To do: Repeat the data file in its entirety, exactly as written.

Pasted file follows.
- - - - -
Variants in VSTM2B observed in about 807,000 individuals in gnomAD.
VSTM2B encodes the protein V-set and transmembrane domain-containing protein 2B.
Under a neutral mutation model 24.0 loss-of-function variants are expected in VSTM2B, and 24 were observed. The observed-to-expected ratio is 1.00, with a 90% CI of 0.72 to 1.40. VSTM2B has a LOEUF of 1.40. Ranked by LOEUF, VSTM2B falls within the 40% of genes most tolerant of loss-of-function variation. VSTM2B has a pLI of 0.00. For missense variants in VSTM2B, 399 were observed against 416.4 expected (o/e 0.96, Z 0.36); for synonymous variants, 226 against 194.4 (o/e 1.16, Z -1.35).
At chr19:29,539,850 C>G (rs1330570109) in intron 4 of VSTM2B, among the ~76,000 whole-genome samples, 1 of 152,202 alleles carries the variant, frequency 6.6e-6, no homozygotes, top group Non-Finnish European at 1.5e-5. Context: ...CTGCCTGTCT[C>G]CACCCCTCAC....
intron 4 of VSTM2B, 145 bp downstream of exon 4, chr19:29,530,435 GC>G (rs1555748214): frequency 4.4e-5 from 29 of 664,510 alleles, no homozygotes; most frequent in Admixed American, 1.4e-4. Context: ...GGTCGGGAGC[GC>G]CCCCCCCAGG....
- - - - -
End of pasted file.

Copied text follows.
Variants in VSTM2B observed in about 807,000 individuals in gnomAD.
VSTM2B encodes the protein V-set and transmembrane domain-containing protein 2B.
Under a neutral mutation model 24.0 loss-of-function variants are expected in VSTM2B, and 24 were observed. The observed-to-expected ratio is 1.00, with a 90% CI of 0.72 to 1.40. VSTM2B has a LOEUF of 1.40. Ranked by LOEUF, VSTM2B falls within the 40% of genes most tolerant of loss-of-function variation. VSTM2B has a pLI of 0.00. For missense variants in VSTM2B, 399 were observed against 416.4 expected (o/e 0.96, Z 0.36); for synonymous variants, 226 against 194.4 (o/e 1.16, Z -1.35).
At chr19:29,539,850 C>G (rs1330570109) in intron 4 of VSTM2B, among the ~76,000 whole-genome samples, 1 of 152,202 alleles carries the variant, frequency 6.6e-6, no homozygotes, top group Non-Finnish European at 1.5e-5. Context: ...CTGCCTGTCT[C>G]CACCCCTCAC....
intron 4 of VSTM2B, 145 bp downstream of exon 4, chr19:29,530,435 GC>G (rs1555748214): frequency 4.4e-5 from 29 of 664,510 alleles, no homozygotes; most frequent in Admixed American, 1.4e-4. Context: ...GGTCGGGAGC[GC>G]CCCCCCCAGG....